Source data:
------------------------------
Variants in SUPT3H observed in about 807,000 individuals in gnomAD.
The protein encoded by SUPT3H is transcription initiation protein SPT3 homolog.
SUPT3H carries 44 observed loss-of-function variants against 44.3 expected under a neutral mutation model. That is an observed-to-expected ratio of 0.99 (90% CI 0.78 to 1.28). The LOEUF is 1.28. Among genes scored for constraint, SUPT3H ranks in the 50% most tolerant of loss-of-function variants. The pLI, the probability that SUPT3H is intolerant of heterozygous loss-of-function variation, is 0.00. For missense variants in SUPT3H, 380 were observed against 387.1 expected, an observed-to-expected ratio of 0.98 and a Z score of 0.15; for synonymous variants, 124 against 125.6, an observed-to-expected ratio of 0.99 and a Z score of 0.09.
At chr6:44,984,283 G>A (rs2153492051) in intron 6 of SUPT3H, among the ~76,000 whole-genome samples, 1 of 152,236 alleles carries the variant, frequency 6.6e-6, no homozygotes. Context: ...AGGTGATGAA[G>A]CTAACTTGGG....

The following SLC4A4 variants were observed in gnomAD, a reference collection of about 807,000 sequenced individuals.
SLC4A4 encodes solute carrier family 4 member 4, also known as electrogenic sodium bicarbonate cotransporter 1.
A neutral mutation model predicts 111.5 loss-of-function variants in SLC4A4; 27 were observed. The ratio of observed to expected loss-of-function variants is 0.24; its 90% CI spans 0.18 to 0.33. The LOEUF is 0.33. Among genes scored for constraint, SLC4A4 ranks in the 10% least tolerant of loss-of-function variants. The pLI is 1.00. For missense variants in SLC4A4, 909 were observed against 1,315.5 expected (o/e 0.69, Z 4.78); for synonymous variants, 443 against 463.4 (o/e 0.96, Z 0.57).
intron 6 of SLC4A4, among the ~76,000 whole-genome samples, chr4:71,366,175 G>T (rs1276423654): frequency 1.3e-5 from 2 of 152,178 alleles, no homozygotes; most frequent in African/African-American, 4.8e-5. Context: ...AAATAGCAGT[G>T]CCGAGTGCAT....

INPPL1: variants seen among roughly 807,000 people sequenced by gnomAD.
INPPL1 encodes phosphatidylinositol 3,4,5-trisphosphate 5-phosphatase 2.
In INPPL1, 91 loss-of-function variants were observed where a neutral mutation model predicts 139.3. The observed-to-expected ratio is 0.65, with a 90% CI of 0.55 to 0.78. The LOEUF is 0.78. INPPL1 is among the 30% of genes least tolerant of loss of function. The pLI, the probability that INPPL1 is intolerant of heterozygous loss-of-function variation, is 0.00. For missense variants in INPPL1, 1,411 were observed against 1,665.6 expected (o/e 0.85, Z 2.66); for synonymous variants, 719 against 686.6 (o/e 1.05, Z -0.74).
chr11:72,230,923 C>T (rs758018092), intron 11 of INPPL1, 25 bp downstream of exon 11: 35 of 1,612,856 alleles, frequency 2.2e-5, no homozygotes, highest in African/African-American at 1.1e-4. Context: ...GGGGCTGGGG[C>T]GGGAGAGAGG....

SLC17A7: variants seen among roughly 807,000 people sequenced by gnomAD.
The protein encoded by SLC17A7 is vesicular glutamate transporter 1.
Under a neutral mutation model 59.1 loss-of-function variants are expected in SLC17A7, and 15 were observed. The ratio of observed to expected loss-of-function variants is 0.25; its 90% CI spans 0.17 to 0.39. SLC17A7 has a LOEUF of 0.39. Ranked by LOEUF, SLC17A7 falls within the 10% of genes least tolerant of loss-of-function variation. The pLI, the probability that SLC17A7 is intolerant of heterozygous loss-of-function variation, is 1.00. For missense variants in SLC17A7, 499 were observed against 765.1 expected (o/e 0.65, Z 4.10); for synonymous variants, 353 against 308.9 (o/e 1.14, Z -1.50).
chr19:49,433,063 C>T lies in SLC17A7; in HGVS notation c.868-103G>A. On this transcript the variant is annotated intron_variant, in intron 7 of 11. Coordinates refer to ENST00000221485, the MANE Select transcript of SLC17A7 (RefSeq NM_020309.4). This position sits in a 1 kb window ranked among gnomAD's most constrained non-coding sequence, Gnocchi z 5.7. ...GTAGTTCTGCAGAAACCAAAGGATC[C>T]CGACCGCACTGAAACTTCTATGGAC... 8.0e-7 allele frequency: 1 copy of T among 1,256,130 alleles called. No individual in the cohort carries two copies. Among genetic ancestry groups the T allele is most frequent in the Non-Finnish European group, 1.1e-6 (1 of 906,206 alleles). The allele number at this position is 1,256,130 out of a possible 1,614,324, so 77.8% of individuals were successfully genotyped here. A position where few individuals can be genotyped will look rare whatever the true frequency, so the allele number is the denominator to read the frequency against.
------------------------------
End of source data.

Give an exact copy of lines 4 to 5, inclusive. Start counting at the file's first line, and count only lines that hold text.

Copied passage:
At chr6:44,984,283 G>A (rs2153492051) in intron 6 of SUPT3H, among the ~76,000 whole-genome samples, 1 of 152,236 alleles carries the variant, frequency 6.6e-6, no homozygotes. Context: ...AGGTGATGAA[G>A]CTAACTTGGG....

The following SLC4A4 variants were observed in gnomAD, a reference collection of about 807,000 sequenced individuals.